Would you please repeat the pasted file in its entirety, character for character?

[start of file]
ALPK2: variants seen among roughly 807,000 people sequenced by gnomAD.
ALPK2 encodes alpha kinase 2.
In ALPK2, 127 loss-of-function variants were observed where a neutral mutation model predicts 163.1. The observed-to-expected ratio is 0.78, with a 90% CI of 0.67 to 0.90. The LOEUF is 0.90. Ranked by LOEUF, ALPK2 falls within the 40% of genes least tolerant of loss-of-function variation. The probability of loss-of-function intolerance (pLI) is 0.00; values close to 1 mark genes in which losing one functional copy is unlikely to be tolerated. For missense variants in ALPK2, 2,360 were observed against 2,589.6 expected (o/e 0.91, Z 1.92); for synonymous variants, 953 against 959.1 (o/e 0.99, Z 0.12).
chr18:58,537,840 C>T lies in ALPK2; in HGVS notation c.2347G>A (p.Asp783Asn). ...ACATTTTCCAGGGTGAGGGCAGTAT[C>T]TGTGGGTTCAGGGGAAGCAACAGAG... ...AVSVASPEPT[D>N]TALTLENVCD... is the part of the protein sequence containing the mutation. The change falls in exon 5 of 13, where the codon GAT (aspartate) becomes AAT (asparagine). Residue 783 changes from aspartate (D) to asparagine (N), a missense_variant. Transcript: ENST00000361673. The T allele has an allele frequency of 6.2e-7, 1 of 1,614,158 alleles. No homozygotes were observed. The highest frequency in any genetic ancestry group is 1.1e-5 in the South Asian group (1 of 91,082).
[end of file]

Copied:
ALPK2: variants seen among roughly 807,000 people sequenced by gnomAD.
ALPK2 encodes alpha kinase 2.
In ALPK2, 127 loss-of-function variants were observed where a neutral mutation model predicts 163.1. The observed-to-expected ratio is 0.78, with a 90% CI of 0.67 to 0.90. The LOEUF is 0.90. Ranked by LOEUF, ALPK2 falls within the 40% of genes least tolerant of loss-of-function variation. The probability of loss-of-function intolerance (pLI) is 0.00; values close to 1 mark genes in which losing one functional copy is unlikely to be tolerated. For missense variants in ALPK2, 2,360 were observed against 2,589.6 expected (o/e 0.91, Z 1.92); for synonymous variants, 953 against 959.1 (o/e 0.99, Z 0.12).
chr18:58,537,840 C>T lies in ALPK2; in HGVS notation c.2347G>A (p.Asp783Asn). ...ACATTTTCCAGGGTGAGGGCAGTAT[C>T]TGTGGGTTCAGGGGAAGCAACAGAG... ...AVSVASPEPT[D>N]TALTLENVCD... is the part of the protein sequence containing the mutation. The change falls in exon 5 of 13, where the codon GAT (aspartate) becomes AAT (asparagine). Residue 783 changes from aspartate (D) to asparagine (N), a missense_variant. Transcript: ENST00000361673. The T allele has an allele frequency of 6.2e-7, 1 of 1,614,158 alleles. No homozygotes were observed. The highest frequency in any genetic ancestry group is 1.1e-5 in the South Asian group (1 of 91,082).